Broth Traverse 2

Tim Primrose’s Broth brings the Traverse’s current lunchtime season to a close, and almost takes us back to where we started, with three generations of women attempting to deal with a family problem in their own way.

But where the problem they faced in Leviathan was the darkness of depression, the problem here is the more tangible one of grandad being face down in a pool of blood on the kitchen table.

Grandpa Jimmy (the ever-excellent Ron Donachie) is presumed dead, much to the dismay of daughter Sheena (Molly Innes) and granddaughter Ally (Kirsty MacKay) who arrive at the scene to find granny Mary apparently unconcerned, or perhaps oblivious, to the situation. Her only interest being the chicken stock for the soup she’s making. Since the kettle is covered in blood, it doesn’t take long for the younger women to realise what has happened.

From here on in, their attempts to resolve the situation without getting Mary arrested makes for some very funny moments indeed. When it transpires that grandpa isn’t (quite) dead, Donachie arises and dominates the stage in the manner that grandpa Jimmy had dominated his family. A drunkard and a violent bully both outside and in his house, Mary could take no more.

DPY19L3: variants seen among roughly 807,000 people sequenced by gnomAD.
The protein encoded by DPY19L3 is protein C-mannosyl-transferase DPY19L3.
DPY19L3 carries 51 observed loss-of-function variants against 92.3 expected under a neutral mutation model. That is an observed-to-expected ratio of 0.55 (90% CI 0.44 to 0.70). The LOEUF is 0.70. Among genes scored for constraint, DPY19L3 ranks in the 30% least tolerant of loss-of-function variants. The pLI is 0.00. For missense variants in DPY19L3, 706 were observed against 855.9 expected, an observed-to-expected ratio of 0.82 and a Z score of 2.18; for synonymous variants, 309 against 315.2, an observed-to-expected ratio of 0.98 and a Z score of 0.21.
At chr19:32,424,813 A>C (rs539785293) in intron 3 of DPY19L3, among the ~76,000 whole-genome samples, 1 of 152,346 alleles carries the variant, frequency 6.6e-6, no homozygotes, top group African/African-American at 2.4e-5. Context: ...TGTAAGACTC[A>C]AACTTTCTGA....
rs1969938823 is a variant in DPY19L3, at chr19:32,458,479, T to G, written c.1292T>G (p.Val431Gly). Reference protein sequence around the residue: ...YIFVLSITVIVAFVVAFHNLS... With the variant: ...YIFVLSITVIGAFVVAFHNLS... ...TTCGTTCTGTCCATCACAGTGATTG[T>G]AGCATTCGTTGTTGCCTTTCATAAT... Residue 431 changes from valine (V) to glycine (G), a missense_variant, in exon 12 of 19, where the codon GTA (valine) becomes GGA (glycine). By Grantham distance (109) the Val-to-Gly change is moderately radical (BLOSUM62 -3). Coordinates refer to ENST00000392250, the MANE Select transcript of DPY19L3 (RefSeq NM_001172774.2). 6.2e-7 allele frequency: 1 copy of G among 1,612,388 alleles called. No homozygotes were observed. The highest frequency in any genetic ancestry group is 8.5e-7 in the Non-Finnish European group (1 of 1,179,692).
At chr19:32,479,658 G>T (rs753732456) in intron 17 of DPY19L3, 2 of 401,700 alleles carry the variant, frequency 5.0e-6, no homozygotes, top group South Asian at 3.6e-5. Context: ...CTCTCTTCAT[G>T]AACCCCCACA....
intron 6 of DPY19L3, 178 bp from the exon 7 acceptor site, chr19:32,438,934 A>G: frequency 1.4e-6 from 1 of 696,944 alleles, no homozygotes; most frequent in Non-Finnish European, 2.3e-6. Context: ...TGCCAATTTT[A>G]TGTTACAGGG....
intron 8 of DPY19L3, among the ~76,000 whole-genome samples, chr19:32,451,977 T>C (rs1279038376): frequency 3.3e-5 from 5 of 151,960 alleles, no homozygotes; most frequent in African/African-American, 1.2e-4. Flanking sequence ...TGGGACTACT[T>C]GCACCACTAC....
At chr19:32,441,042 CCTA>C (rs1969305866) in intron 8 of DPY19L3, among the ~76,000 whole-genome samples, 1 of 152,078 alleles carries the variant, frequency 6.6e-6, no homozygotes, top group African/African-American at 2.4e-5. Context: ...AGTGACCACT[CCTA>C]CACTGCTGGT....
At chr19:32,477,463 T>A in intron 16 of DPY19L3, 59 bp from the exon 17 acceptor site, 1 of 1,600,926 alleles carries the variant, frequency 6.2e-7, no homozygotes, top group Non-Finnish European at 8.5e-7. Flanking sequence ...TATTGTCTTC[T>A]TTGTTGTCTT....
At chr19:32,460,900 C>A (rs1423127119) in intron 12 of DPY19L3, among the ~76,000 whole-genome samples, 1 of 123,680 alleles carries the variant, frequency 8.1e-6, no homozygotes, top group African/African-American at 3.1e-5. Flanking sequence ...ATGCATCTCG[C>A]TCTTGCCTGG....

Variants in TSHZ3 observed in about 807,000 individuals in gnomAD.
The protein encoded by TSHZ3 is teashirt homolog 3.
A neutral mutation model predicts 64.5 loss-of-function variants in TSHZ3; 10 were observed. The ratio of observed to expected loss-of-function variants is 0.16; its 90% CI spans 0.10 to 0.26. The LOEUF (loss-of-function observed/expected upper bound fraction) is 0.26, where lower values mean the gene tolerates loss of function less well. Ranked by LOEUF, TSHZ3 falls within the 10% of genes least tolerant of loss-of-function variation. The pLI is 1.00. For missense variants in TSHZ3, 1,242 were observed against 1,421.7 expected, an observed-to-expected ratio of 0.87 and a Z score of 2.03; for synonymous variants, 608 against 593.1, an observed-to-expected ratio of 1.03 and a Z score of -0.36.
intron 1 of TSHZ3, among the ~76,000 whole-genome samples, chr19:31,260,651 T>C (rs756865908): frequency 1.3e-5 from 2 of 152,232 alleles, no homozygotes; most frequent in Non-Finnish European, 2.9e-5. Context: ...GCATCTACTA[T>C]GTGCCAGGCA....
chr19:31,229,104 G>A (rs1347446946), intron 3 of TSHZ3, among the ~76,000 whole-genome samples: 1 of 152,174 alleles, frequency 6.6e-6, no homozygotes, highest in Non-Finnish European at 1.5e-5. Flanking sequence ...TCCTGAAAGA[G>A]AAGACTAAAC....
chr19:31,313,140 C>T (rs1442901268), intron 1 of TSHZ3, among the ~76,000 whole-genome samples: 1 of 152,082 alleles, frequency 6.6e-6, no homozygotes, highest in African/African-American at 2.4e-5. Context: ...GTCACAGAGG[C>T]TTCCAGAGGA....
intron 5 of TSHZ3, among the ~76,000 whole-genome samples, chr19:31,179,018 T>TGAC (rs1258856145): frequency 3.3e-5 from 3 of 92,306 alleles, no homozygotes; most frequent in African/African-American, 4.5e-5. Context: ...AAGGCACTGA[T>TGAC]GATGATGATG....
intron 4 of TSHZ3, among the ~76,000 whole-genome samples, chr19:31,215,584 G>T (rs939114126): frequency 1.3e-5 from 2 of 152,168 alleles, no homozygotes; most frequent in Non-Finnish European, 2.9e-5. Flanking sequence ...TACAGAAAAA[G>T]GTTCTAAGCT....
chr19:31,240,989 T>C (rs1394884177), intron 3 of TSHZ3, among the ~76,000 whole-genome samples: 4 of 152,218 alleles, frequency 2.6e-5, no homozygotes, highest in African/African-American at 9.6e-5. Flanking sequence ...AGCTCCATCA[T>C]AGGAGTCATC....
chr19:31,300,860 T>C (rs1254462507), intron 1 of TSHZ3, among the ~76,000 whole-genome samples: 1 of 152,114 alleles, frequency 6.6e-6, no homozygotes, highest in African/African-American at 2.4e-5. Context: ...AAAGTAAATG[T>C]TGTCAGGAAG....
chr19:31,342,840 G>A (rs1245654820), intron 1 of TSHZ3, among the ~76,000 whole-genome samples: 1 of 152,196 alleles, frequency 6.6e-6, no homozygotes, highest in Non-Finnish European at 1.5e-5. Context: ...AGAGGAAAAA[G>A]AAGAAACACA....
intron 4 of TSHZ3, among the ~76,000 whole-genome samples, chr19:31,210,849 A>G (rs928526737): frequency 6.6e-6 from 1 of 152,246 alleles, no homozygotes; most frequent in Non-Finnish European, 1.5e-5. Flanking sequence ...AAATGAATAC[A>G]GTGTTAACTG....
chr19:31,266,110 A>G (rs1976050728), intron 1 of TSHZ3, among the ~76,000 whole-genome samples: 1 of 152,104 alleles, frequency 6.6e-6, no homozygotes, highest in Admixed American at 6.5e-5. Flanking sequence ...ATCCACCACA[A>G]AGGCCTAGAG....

The cast make the most of the script, although a cameo role for Vincent Friell as Jimmy’s friend Patch adds little, when it could have shed a little more light on Jimmy’s character. While the audience get the point that he was a deeply unpleasant man, you get little in the way of detail.

This vagueness in the script, along with the changes in tone, leaves you somewhat unsatisfied at the end. While it may go to pointing out Jimmy’s extreme mood swings – effortlessly and believably portrayed by Donachie – it does not allow the sympathy for Mary and her family that is necessary to the plot.

A pity that the Play, Pie and a Pint season has ended on, perhaps, a slightly weaker note. Not that this is by any means a poor effort, but suffers when compared to Leviathan and Take the Rubbish Out, Sasha.

(And you’re right, Carla, I will miss my lunchtime pie!)

Jim Welsh